A Feast For Crows does seem to be the least popular in what is admittedly a very popular series. I for one noticed that I didn’t enjoy it quite as much as previous books. But why was that? Martin’s quality of writing was just as high as ever, and whilst I briefly considered giving this book a lower rating than the one I have, I have not because in fairness the quality is just as good as ever. The book doesn’t deserve a vastly reduced rating because it is still far better than books I’ve awarded 3 or 4 stars to. I believe I enjoyed the book slightly less due to the characters and the unique nature of the division of A Feast For Crows and A Dance With Dragons. The story is well known by now: Martin found himself with too big a story and rather than split it up halfway through the plot he split it up giving us the full plot for only half of the characters in A Feast For Crows, the rest getting their time in A Dance With Dragons. As a result, A Feast For Crows does have a nagging feeling of being incomplete, because it is. And, as it happens, I think it’s fair to say that the most popular characters' stories are continued in A Dance With Dragons, and not here in A Feast For Crows. Therefore as well as feeling vaguely incomplete we’ve also got a book here where the most popular favourite characters are absent – so I did feel their absence.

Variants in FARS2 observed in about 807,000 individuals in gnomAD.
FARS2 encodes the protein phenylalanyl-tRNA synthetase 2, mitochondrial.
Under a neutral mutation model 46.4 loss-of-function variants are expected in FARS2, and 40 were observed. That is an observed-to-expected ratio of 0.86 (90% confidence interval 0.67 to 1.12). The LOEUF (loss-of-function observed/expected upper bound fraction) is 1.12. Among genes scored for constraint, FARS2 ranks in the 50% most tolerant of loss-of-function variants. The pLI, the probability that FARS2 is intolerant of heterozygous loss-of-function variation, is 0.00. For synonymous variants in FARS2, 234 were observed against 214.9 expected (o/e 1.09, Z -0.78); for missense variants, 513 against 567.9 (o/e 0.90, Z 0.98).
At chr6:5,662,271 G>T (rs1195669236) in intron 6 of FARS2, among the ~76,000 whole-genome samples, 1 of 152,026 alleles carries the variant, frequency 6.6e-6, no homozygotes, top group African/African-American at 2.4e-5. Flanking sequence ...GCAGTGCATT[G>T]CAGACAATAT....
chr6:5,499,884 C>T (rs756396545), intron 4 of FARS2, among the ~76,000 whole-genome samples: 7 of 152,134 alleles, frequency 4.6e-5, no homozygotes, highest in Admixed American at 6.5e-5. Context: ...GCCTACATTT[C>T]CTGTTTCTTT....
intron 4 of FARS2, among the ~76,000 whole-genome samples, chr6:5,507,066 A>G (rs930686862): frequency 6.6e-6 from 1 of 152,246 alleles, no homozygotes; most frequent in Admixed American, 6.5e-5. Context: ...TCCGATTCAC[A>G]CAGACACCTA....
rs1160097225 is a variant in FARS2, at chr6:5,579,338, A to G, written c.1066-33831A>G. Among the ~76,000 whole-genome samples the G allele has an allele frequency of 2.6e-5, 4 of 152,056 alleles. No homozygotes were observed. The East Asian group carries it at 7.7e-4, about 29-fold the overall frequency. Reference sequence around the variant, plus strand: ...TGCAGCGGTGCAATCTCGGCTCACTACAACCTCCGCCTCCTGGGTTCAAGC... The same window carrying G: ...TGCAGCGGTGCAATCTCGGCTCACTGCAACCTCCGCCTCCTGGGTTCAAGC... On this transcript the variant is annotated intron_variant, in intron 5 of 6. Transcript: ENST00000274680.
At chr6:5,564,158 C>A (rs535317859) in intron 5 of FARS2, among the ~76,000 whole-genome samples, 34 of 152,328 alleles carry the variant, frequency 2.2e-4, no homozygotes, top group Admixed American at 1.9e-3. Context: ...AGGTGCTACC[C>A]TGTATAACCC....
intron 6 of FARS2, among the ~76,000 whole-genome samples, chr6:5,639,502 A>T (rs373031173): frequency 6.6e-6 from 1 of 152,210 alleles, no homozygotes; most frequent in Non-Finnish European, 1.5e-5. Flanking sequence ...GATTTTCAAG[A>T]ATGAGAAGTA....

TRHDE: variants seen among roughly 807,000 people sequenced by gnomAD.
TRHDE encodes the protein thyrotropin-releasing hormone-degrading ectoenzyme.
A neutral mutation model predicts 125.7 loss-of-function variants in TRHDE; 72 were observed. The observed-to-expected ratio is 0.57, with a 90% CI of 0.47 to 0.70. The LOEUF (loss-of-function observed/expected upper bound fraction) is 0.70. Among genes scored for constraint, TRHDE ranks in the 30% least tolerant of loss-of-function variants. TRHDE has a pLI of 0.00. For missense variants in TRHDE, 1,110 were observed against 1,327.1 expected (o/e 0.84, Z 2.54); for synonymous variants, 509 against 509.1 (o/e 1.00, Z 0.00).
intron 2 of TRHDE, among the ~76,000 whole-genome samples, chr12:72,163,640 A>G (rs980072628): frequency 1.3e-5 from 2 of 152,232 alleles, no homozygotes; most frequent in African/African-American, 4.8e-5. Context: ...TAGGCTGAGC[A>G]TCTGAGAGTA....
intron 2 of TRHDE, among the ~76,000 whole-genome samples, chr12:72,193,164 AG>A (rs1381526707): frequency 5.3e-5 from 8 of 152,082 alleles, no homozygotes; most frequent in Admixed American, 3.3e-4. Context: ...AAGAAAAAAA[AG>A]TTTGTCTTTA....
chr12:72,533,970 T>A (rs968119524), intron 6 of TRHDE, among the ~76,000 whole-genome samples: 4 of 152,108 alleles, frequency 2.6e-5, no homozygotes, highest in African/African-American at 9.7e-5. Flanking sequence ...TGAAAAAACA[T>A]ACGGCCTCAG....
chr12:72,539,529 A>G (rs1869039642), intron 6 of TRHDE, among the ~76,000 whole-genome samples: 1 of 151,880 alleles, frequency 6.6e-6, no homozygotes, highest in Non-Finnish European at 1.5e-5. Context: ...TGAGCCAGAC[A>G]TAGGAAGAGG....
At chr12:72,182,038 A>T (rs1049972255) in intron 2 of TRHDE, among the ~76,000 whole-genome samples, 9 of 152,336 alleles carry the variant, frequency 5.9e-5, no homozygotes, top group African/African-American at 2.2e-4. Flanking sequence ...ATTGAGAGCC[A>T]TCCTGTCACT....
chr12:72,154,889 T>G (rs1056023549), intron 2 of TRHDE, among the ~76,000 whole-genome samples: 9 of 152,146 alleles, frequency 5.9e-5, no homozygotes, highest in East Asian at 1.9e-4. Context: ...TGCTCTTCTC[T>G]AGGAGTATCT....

In addition, I have a strong suspicion that most of the Big Revelations and Shocking Twists that Martin is infamous for are contained within A Dance With Dragons, and not this one. There are some twists and revelations here – I would say two fairly large revelations, a couple of smaller ones, and one Big Event, as far as significant things happening to characters goes – but it still feels like most of them have been saved for the other half of the cast, in A Dance With Dragons. I did not see the two big reveals in this book coming, however I wasn’t surprised, because they were very in keeping with the characters who arranged them; so they weren’t as impactful on me as the twists of previous books.

So as a result, whilst Martin’s quality of writing came across as just as good as ever, A Feast For Crows does feel like the weakest in the series because it is literally half a story, and our favourite characters, and probably most of the big plot developments, are in A Dance With Dragons. Nevertheless, the standard of writing and quality remains as high as ever, so for me this was still an excellent read.
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1 of 1 people found the following review helpful
5.0 out of 5 stars Thoughtful , smart and deep, this is the beginning of the end ., 14 Sep 2014
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Firstly, a word of warning. This novel is paced very differently particularly to the second half of "swords". This is an altogether more thoughtful and in my opinion deeper novel filled with clues and insights into the motivations of some of the characters onscreen and off and the many plots afoot.
It is the genius of Martin that by using the unreliable narrator approach it is often what isn't said that is more important than the things that are, which lead this book to be the central premise of so many theories and suggestions which may (or may not) form the way this epic story will conclude in books 6 and 7. This depth also means that AFFC lends itself to rereads more readily than other books in the series.